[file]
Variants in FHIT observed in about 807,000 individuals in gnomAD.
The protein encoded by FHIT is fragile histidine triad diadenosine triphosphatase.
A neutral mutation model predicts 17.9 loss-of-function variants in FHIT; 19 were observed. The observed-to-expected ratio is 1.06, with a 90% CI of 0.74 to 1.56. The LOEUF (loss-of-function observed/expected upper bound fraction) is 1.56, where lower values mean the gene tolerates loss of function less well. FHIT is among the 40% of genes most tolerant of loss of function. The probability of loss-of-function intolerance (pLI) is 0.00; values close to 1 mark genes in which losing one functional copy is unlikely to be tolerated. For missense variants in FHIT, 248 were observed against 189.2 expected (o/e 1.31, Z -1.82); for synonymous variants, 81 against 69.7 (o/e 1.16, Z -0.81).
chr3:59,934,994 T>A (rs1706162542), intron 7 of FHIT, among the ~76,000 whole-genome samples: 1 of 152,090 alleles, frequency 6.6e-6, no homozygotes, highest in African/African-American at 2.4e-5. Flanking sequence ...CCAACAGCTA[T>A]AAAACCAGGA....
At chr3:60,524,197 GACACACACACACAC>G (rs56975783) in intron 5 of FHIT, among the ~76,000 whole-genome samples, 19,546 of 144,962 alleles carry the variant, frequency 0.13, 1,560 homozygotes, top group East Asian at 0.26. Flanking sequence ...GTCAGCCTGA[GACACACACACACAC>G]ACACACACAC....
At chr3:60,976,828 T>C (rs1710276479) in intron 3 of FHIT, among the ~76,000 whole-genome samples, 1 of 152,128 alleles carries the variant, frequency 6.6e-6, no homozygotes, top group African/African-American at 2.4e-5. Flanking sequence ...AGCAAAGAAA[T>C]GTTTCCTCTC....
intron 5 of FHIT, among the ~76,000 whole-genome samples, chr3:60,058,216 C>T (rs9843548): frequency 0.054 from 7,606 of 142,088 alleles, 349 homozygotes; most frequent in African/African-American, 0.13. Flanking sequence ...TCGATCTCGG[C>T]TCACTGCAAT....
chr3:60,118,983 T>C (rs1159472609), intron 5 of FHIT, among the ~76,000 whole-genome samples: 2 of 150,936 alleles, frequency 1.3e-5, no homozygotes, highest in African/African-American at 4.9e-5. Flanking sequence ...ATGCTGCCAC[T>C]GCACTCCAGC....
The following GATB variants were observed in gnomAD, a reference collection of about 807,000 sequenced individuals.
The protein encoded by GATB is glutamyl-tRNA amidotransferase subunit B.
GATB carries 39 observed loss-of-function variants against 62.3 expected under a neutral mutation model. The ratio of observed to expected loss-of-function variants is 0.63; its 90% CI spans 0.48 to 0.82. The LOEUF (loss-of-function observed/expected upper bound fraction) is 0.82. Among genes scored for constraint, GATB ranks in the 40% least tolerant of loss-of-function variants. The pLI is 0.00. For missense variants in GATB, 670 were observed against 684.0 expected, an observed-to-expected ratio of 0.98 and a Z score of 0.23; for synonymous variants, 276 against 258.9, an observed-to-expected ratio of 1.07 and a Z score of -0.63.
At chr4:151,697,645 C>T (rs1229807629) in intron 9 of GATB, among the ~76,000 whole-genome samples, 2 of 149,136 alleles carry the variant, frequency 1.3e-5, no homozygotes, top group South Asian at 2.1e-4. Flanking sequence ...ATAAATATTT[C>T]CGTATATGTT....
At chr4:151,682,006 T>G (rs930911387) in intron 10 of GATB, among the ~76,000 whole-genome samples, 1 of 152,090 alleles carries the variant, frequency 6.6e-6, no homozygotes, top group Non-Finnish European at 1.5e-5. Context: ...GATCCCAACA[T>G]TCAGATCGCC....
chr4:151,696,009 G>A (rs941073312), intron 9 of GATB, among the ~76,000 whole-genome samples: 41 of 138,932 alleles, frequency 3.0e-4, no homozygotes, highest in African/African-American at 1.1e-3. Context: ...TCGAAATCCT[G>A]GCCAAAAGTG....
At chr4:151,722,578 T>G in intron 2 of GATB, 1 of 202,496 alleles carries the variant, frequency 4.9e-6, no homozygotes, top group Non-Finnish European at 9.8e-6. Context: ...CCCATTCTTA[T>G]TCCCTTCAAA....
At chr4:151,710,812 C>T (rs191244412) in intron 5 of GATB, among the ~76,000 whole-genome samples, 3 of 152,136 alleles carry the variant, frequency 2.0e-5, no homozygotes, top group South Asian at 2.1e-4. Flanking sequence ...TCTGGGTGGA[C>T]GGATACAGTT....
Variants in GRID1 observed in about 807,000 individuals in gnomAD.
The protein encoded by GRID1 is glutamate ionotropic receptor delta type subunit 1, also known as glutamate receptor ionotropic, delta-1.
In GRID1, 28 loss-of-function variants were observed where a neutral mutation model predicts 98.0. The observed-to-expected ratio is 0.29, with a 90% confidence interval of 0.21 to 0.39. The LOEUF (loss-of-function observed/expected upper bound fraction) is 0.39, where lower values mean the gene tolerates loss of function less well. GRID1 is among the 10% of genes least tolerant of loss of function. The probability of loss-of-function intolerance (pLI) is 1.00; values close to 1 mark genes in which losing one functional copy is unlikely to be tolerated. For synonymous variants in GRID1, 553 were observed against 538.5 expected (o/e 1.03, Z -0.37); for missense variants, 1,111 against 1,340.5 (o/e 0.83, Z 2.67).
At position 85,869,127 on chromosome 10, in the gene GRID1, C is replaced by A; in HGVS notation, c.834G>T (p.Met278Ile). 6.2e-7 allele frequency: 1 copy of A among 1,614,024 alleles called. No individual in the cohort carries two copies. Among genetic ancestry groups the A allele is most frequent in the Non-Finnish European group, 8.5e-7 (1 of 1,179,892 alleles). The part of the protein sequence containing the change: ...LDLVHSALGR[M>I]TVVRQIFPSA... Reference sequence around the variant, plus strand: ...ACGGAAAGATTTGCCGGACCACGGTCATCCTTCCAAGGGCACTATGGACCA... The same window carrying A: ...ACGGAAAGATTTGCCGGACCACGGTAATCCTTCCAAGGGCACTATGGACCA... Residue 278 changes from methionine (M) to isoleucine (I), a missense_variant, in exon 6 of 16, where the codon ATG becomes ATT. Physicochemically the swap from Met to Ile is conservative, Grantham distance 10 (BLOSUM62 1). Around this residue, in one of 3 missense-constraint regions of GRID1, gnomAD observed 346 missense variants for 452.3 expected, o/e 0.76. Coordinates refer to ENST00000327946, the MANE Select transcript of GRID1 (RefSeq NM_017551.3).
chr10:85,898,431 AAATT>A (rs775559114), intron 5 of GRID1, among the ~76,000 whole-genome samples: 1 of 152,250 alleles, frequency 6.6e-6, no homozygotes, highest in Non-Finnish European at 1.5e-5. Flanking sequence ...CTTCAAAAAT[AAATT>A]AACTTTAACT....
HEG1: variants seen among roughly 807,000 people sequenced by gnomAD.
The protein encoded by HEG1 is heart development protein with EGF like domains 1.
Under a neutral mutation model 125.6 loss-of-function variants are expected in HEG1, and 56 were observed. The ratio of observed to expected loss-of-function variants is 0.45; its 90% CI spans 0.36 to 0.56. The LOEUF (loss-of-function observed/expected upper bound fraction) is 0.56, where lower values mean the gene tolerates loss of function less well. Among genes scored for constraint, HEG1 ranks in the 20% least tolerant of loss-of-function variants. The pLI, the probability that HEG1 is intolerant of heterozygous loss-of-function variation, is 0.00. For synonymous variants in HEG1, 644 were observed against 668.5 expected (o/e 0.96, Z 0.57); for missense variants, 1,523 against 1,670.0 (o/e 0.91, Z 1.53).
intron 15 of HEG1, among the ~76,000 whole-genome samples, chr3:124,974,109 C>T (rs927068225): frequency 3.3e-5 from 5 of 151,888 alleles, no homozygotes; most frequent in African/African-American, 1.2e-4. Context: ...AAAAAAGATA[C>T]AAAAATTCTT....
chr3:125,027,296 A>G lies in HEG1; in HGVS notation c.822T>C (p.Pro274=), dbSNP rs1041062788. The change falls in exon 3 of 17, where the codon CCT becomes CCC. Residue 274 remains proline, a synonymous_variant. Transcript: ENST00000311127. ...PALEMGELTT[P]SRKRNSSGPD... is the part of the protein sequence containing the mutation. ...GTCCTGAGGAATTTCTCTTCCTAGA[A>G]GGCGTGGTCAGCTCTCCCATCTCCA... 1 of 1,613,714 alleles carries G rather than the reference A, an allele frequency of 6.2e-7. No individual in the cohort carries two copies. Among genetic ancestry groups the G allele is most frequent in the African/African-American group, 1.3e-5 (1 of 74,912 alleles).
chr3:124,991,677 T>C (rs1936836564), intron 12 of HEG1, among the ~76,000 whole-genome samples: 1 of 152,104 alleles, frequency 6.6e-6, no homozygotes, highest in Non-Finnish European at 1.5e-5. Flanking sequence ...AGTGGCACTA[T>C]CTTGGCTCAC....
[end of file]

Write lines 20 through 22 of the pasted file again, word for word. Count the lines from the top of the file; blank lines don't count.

At position 85,869,127 on chromosome 10, in the gene GRID1, C is replaced by A; in HGVS notation, c.834G>T (p.Met278Ile). 6.2e-7 allele frequency: 1 copy of A among 1,614,024 alleles called. No individual in the cohort carries two copies. Among genetic ancestry groups the A allele is most frequent in the Non-Finnish European group, 8.5e-7 (1 of 1,179,892 alleles). The part of the protein sequence containing the change: ...LDLVHSALGR[M>I]TVVRQIFPSA... Reference sequence around the variant, plus strand: ...ACGGAAAGATTTGCCGGACCACGGTCATCCTTCCAAGGGCACTATGGACCA... The same window carrying A: ...ACGGAAAGATTTGCCGGACCACGGTAATCCTTCCAAGGGCACTATGGACCA... Residue 278 changes from methionine (M) to isoleucine (I), a missense_variant, in exon 6 of 16, where the codon ATG becomes ATT. Physicochemically the swap from Met to Ile is conservative, Grantham distance 10 (BLOSUM62 1). Around this residue, in one of 3 missense-constraint regions of GRID1, gnomAD observed 346 missense variants for 452.3 expected, o/e 0.76. Coordinates refer to ENST00000327946, the MANE Select transcript of GRID1 (RefSeq NM_017551.3).
chr10:85,898,431 AAATT>A (rs775559114), intron 5 of GRID1, among the ~76,000 whole-genome samples: 1 of 152,250 alleles, frequency 6.6e-6, no homozygotes, highest in Non-Finnish European at 1.5e-5. Flanking sequence ...CTTCAAAAAT[AAATT>A]AACTTTAACT....
HEG1: variants seen among roughly 807,000 people sequenced by gnomAD.